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REVIEW:  Isla and the Happily Ever After by Stephanie Perkins

REVIEW: Isla and the Happily Ever After by Stephanie Perkins


Dear Ms. Perkins:

Charming. Adorable. Sweet. Dramatic. Compelling. Each word can be used to describe your latest release, Isla and the Happily Ever After.

Isla Martin is high. She’s sitting in her favorite cafe in New York City, Kismet, spacing out when the object of all of her lust filled fantasies walks through the door — Joshua Wasserstein. She must be high, because what happens next is so completely out of character for her. She blurts out Josh’s name, calling him over to her table. She flirts, is coquettish, and in the end someone helpless. You see, Isla really is high. She’s had her wisdom teeth removed and is taking Vicodin, which explains her sudden gregariousness.

She’s spent her entire high school career lusting after Josh from afar. Josh is also a rising senior, is known to be a troublemaker, and is also the son of a prominent NY Senator. She’s spent the last three years watching Josh fall in love with someone else, break up with her and come back to school. The night they meet in Kismet, Josh walks her home and she doesn’t see him again. She’s mortified over her behavior and is dreading seeing him again when they return to their Parisian boarding school.

When Isla returns to school, she’s delighted to find that she’s actually in the dorm room that Josh had the year before. This is great for her for a number of reasons. First, it’s easily accessible, which means that her best friend, Kurt, who has a very high functioning form of autism can easily get to her room, and even more importantly in Isla’s mind, she’s sleeping in the same bed that Josh slept in. Josh routinely disappears from school, and is somewhat at loose ends. He is almost exclusively focused on his art, and doesn’t really want anything to do with being a student, which lands him in detention and on the radar of the faculty on a regular basis. This doesn’t stop Isla from loving him from afar. And when she finally has the opportunity, she apologizes for her behavior that night at Kismet. She and Josh strike up a friendship, occasionally going places together or sharing a meal. And still Isla pines from afar. When they finally admit their attraction and begin to fall in love, Isla finds herself doing things that are out of character. She is studying less, spending less time with Kurt, and making choices that she’s not sure her parents would approve of. When she opts to sneak away from Paris with Josh for the weekend, she’s scandalized by doing something illicit, yet so delighted to have Josh all to herself. Of course, they get caught, and the consequences are dire. Josh is expelled and sent back to America, while Isla pines for him from school. Will their relationship be able to handle long distance and the vigor of Josh’s father’s campaign and Isla’s determination to finish school?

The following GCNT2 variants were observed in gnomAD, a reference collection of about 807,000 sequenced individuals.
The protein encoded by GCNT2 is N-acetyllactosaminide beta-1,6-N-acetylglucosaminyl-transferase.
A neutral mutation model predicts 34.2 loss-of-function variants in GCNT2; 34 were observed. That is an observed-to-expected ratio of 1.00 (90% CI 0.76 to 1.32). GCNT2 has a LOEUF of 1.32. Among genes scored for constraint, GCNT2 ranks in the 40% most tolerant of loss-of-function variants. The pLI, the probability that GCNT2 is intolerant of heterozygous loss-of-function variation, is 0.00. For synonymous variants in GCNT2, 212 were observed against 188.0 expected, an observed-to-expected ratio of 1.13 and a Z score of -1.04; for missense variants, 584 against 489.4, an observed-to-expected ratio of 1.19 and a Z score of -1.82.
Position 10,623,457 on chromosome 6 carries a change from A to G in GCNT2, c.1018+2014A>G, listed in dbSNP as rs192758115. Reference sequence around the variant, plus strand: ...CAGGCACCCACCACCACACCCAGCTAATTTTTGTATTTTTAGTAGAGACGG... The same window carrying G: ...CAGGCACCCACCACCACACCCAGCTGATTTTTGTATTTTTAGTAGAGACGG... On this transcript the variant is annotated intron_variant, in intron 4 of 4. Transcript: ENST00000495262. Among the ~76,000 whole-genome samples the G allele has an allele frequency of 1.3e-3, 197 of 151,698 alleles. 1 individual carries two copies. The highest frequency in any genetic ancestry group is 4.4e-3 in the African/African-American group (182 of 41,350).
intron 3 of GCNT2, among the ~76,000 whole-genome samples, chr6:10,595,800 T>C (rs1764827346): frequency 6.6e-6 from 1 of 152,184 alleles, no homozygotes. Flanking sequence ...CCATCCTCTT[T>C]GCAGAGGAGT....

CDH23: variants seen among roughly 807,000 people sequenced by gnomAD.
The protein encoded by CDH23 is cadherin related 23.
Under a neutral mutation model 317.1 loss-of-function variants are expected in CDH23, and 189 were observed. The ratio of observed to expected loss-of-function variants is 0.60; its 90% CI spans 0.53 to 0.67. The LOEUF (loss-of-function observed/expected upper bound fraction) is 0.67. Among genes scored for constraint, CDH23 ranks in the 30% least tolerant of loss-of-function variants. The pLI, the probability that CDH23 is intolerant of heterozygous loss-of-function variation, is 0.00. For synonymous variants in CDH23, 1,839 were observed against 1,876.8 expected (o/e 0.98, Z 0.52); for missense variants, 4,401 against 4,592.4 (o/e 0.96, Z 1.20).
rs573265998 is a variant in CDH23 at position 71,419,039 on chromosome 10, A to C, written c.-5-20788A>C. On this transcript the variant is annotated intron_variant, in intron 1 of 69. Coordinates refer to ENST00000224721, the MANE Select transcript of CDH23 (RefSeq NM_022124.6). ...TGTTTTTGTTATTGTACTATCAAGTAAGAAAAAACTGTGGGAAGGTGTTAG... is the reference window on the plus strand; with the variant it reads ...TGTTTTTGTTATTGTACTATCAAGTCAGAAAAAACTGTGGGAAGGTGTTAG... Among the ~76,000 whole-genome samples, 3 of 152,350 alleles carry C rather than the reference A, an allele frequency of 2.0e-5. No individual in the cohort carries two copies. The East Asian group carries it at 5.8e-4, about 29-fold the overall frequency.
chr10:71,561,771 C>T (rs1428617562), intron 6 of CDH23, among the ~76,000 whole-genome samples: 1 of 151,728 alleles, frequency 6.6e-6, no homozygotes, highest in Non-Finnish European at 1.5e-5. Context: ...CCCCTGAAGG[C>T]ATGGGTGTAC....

This book is ridiculously sweet. It captures all of the things about teen love that I remember fondly: loving from afar, the intensity of teenage love affairs, the passion of the anger, the drama. Isla is a wonderfully complex character, with smarts and insecurities and charm. Josh is a dreamboat of a boy, full of rebellion and art and moods. They have a wonderful chemistry and their relationship doesn’t shoot off like a gun, it’s a charming slow build that captures all of the things I remember with affection about being a teenager (and living with one now). On top of that, beloved past characters return, and the secondary characters, like Isla’s sisters and Kurt are vividly drawn. Plus, Paris is lovingly described, evoking the mystery and amour in every word. I’m as besotted by this book as I was with Anna and the French Kiss, the first in the series. I can’t possibly recommend it enough. Final grade: A.

Kind regards,






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REVIEW:  The Devil in Denim by Melanie Scott

REVIEW: The Devil in Denim by Melanie Scott

DevilinDenimDear Ms. Scott,

Maggie Jameson loves baseball and in particular, she loves the New York Saints.  Her dad, Tom, owns the team and Maggie grew up in and around the game, the players and Deacon Field, the Saints’ home ground.  The press long ago dubbed her “Saint Maggie” and she has always been a PR boon for a team which generally struggles on field.  Saints fans are the most devoted because they had to be – their record was pretty dismal.  Maggie has dreamed of taking over from her dad as CEO one day and has recently completed her academic education, gaining  a degree “crammed full of economics and psychology” as well as a master’s in sports management.  She anticipates working with her dad for a while and then taking over.

Unfortunately, on her return from her end of school European holiday, she is blindsided by the news that Tom plans to sell the Saints to a consortium consisting of three best friends and Saints fans, Alex Winters, Malachi Coulter and Lucas Angelo. Alex, not Maggie, will be the next Saints CEO.

The story has a somewhat unusual start. The three friends are playing baseball during college when there is a bombing at the stadium. Alex and Lucas are seriously injured when all three assist in the rescue of those trapped in the rubble.  The inference is that Alex’s injury meant he couldn’t play anymore.  No much more is made of this major, life-changing event in the book and much to my surprise, it doesn’t form part of the legend of Alex Winters’ success.  Even more surprising since Maggie did a case study about Alex at college, she doesn’t know anything about it until quite late in the book.   Perhaps the bombing will form a bigger part of the storyline in Lucas’s or Mal’s book but it felt a little disjointed to me here.